In news– In a latest discovery, footprints of three species of dinosaurs have been found in the Thar desert, Jaisalmer district in Rajasthan.
About the discovery-
- The recent discovery proves the presence of the giant reptiles in the western part of Rajasthan, which formed the seashore to the Tethys Ocean during the Mesozoic era.
- The footprints are 200 million years old and were found near Jaisalmer’s Thaiat village.
- The footprints, made in the sediment or silt of the seashore, later become permanently stone-like.
- They belong to three species of dinosaurs — Eubrontes cf. giganteus, Eubrontes glenrosensis and Grallator tenuis.
- Eubrontes could have been 12 to 15 metres long and weighed between 500 kg and 700 kg.
- While the height of the Grallator is estimated to have been two metres, as much as a human, with a length of up to three metres.
- The giganteus and glenrosensis species have 35 cm footprints, the footprint of the third species was found to be 5.5 cm.
- As per the researchers, some features of the Grallator tenuis footprint, involving a wide angle of digits, very narrow toes, and long claws, had strong similarities to the early Jurassic ichnogenus of Stenonyx.
- There could be taxonomic variation between the Grallator tracemakers from North America and the findings in Rajasthan.
- All the three species, belonging to the early Jurassic period, were carnivorous.
- Geochemical analyses and calculation of weathering indices showed that the hinterland climate was seasonal to semi-arid during the deposition of the footprints.
- Jan Schlogl of Comenius University in Slovakia and Grzegorz Pienkowski from Warsaw University in Poland were the first to discover dinosaur footprints in India after the ‘Ninth International Congress on the Jurassic System’ was held in Jaipur in 2014.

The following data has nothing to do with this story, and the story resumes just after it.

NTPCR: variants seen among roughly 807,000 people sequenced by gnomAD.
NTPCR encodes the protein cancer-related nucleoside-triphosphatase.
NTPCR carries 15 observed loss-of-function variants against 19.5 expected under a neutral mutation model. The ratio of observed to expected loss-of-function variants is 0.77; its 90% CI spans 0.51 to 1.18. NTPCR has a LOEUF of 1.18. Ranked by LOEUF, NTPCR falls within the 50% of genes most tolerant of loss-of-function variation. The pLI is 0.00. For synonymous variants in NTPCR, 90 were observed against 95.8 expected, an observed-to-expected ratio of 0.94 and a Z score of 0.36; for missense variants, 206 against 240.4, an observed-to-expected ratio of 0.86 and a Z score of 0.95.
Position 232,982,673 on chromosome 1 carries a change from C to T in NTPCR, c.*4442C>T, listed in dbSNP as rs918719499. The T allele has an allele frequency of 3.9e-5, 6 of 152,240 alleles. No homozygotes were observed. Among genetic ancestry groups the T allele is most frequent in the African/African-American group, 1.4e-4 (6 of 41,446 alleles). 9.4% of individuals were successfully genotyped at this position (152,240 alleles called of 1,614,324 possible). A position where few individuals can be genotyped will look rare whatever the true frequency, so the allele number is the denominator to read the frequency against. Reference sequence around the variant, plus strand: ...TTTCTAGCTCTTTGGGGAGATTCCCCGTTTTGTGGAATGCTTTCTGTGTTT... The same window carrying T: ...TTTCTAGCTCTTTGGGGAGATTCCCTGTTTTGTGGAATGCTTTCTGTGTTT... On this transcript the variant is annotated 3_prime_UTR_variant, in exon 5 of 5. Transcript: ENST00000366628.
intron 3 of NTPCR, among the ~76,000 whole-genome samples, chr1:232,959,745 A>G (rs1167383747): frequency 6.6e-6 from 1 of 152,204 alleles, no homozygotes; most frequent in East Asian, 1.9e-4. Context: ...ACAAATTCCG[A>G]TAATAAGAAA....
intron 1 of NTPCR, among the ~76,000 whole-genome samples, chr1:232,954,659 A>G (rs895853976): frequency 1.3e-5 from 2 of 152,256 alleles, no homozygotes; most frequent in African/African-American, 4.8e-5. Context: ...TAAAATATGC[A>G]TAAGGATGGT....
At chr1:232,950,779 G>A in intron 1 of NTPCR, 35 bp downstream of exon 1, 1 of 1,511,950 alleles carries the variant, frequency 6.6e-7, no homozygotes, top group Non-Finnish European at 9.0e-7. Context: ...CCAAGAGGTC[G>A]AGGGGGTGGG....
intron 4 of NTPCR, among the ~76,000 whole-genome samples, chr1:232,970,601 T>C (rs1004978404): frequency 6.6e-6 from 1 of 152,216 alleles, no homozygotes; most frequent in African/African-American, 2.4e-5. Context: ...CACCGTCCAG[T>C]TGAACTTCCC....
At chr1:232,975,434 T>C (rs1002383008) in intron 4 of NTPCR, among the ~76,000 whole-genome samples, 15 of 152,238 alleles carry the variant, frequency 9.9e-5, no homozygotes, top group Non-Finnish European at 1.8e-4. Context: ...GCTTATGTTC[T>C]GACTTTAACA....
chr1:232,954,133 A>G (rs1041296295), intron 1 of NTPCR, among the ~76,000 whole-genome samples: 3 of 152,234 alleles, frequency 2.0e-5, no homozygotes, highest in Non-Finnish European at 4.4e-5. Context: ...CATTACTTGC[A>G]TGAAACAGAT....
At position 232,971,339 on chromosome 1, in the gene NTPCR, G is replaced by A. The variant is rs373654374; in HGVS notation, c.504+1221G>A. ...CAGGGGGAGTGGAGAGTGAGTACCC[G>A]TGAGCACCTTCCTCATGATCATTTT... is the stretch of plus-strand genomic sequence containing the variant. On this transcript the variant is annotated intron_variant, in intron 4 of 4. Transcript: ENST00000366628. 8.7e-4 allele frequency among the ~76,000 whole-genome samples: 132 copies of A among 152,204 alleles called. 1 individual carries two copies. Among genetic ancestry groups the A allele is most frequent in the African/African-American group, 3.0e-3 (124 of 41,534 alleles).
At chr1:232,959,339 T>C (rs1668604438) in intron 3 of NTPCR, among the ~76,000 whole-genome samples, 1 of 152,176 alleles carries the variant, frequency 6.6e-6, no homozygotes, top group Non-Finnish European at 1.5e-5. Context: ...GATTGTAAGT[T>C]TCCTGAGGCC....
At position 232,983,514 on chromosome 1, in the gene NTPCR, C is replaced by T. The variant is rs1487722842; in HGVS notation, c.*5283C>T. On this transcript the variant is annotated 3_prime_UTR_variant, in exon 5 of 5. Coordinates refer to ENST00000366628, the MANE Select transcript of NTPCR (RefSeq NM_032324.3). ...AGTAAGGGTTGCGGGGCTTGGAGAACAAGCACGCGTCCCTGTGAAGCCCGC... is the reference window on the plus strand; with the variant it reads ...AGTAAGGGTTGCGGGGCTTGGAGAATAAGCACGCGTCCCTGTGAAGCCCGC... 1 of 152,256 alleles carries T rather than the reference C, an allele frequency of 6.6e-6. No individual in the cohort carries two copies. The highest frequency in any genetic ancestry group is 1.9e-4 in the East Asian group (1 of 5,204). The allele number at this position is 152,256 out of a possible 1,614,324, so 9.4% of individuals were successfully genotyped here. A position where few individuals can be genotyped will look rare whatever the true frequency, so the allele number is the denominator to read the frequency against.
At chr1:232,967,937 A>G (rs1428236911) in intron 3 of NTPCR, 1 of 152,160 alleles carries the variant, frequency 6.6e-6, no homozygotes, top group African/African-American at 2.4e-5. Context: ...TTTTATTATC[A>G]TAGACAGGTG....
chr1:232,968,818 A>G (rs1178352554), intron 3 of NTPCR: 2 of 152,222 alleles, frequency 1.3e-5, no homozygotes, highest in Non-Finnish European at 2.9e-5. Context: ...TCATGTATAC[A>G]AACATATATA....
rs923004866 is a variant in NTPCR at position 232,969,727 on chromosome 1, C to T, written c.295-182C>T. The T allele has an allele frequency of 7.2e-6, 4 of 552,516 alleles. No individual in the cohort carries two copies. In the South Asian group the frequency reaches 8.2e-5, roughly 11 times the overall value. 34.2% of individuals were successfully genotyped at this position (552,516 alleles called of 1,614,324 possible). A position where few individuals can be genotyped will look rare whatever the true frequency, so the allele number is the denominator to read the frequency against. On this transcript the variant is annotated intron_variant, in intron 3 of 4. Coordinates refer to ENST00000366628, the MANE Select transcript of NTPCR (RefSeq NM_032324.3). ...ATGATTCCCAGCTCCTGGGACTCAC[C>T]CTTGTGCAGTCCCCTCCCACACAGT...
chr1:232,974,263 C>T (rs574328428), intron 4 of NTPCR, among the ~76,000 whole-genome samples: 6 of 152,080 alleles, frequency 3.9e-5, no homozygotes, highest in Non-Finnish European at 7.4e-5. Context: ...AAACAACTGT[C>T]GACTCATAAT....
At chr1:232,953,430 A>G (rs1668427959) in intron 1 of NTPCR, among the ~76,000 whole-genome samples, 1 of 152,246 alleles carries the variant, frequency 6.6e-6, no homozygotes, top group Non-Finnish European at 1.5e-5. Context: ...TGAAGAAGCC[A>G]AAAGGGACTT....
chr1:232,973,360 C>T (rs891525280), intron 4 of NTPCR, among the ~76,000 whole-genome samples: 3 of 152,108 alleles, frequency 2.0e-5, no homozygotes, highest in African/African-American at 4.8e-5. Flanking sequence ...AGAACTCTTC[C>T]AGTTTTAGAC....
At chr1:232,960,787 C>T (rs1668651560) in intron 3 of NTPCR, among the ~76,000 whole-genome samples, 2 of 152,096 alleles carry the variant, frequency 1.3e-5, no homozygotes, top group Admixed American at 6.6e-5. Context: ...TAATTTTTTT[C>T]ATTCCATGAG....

- In 2016, a team from the geological department of Jainarayan Vyas University, Jodhpur, discovered 150 million-year-old footprints of the Eubrontes Gleneronsensis Theropod dinosaurs in Lathi formation of Jaisalmer district.
- Dinosaur, (clade Dinosauria), the common name given to a group of reptiles, often very large, that first appeared roughly 245 million years ago (near the beginning of the Middle Triassic Epoch) and thrived worldwide for nearly 180 million years.
- The name dinosaur comes from the Greek words deinos (“terrible” or “fearfully great”) and sauros (“reptile” or “lizard”).
- Most died out by the end of the Cretaceous Period, about 66 million years ago, but many lines of evidence now show that one lineage evolved into birds about 155 million years ago.
The ‘Age of Dinosaurs’ (the Mesozoic Era)-
- It included three consecutive geologic time periods (the Triassic, Jurassic, and Cretaceous Periods).
- Different dinosaur species lived during each of these three periods.
- For example, the Jurassic dinosaur Stegosaurus had already been extinct for approximately 80 million years before the appearance of the Cretaceous dinosaur Tyrannosaurus.